5. SCORNED 2 (1995) – I’m back to writing for Andrew Stevens and the straight to video market. Another erotic thriller. 5th script I ever wrote. 5th produced credit. I think I made 3 grand to write this one. It’s possible this film was the one that was the rip off of “The Hand That Rocks the Cradle”. If so I have no memory of what Innocence Betrayed was about. Nonetheless, there was an original Scorned movie that had been something of a late night Cinemax success. This was the sequel. I churned it out pretty quickly, had nothing to do with the production and moved on. I can’t remember if I ever even saw this one. I was credited as Sean McGinly for the first time on one of these films. I think I just stopped caring if anyone knew and there was no IMDB at this time, at least to my knowledge, so I didn’t think anyone would ever find out I’d been writing these things.
6. THE PROPOSITION aka SEXUAL ROULETTE (1996) – 6th script I ever wrote. 6th produced credit. I’m going to stop doing that now. I’ll just say it if was produced or not. I remember this one a little better. It was a rip off of “Indecent Proposal” with the genders switched. Lots of sex in this one. When I wrote it the title was The Proposition. It came out as Sexual Roulette. If I recall correctly Andrew’s wife at the time, Robyn, was the producer of this one. I wrote it as a kind of dark piece. Then they wanted it rewritten with a happy ending. Then they decided they wanted an even darker ending then the one I’d originally delivered. I think this might have played on the Playboy Channel. I do remember seeing it in video stores. It was terrible but less terrible than the other erotic thrillers I’d done to this point.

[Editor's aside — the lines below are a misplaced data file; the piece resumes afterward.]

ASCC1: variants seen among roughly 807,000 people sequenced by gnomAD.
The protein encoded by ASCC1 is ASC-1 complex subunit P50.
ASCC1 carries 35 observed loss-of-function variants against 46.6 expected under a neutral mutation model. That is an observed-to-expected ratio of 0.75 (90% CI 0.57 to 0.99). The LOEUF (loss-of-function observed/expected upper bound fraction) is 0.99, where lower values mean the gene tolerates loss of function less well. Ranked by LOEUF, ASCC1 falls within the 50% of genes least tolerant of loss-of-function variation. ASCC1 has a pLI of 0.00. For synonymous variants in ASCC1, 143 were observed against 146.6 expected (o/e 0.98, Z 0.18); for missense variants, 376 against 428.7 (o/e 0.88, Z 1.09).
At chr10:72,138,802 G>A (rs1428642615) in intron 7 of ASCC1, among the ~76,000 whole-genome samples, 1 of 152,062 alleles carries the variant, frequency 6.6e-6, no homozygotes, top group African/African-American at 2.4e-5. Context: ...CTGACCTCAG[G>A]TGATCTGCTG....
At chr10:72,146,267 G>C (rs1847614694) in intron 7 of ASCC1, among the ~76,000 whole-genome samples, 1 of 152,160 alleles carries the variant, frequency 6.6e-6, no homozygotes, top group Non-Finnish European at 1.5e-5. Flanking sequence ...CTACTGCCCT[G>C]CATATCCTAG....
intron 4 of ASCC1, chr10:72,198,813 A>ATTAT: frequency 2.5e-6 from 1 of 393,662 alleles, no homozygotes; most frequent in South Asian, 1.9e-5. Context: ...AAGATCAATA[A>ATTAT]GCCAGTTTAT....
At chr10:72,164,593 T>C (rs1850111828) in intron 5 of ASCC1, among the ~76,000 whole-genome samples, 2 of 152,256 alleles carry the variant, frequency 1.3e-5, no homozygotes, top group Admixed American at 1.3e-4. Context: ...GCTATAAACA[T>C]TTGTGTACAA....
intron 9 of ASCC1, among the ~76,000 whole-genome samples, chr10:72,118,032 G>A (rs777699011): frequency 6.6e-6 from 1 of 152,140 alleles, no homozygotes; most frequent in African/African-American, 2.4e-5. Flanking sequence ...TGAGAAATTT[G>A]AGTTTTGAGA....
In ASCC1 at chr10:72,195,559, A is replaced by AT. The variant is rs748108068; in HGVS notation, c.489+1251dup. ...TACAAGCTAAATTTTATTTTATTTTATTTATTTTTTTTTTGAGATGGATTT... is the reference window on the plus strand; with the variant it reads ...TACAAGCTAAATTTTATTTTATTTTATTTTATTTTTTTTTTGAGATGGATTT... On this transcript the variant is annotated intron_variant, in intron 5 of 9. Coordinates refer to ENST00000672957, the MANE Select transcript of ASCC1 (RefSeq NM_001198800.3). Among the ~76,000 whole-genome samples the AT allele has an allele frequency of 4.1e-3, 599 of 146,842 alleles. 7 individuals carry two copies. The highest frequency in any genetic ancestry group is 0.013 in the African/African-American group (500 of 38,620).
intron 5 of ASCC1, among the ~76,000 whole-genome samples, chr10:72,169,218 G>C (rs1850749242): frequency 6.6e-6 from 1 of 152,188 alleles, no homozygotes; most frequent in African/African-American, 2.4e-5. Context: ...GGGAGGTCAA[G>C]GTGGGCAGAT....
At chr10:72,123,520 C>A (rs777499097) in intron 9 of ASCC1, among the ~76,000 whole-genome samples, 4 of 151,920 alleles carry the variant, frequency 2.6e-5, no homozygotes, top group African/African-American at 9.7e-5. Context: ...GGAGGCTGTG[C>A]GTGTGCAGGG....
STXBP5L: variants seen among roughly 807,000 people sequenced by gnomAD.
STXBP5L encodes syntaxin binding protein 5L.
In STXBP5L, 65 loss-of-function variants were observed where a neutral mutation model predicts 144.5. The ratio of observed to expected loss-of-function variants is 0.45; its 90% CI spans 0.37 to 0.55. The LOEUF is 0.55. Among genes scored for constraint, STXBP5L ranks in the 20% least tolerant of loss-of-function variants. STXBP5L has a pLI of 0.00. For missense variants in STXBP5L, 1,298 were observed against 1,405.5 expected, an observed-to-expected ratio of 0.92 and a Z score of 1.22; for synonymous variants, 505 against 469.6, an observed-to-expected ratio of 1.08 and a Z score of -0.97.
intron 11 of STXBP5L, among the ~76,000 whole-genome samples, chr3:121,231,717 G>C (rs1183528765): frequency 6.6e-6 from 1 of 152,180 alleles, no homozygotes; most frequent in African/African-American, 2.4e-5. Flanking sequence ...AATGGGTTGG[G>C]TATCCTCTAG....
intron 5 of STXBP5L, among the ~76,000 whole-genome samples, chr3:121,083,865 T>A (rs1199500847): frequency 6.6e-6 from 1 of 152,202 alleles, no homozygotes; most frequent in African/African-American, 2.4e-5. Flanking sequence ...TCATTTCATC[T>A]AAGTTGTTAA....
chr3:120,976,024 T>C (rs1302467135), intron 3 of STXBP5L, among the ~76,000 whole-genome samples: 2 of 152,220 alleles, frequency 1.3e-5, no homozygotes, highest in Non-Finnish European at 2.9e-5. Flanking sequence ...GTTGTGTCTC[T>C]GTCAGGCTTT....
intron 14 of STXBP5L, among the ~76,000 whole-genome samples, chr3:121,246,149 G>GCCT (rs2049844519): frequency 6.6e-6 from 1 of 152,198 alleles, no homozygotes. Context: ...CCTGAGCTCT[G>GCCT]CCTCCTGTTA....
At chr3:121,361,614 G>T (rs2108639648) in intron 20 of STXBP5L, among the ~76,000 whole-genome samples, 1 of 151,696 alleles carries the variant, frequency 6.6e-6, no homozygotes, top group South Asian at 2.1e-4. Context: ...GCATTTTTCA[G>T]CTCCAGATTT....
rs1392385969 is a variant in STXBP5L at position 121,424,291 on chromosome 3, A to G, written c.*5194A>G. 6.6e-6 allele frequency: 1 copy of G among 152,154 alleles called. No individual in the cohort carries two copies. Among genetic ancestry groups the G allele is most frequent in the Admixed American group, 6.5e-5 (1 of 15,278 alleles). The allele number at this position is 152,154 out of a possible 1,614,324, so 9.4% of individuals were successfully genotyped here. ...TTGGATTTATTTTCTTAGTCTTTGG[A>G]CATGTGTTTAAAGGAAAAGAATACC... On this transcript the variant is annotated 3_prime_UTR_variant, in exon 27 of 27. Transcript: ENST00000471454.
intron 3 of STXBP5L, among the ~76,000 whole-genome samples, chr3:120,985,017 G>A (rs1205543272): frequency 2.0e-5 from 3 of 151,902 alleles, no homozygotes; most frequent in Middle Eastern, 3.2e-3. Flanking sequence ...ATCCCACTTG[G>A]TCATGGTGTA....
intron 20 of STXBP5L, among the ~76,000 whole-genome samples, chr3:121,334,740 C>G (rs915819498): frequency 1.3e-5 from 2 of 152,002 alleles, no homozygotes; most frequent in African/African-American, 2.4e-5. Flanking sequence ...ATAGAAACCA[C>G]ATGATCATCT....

7. TIME UNDER FIRE (1996) – Don’t remember much about the story in this one. It was another job for Andrew. I co-wrote it with Tripp Reed. He had been working as a production executive for Andrew but quit because he wanted to do more creative work. Tripp wasn’t willing to write erotic thrillers. This was an action or sci-fi piece that I think involved time travel and starred Jeff Fahey. Tripp basically got Andrew to assign him this job and then brought me on. I remember we made 7 grand, which we split. I never saw the finished product. I’m sure it was pretty bad. Tripp really cared about these films and wanted to make them good. I had always accepted that these films were crap and there was no way to make them good. I just wanted to get them done and get paid. So it took a little longer when I wrote with Tripp. He said to me once, “I don’t have the ‘don’t care’ gene”. He always cared no matter how stupid or exploitive the project was and this was kind of a sweet thing about him.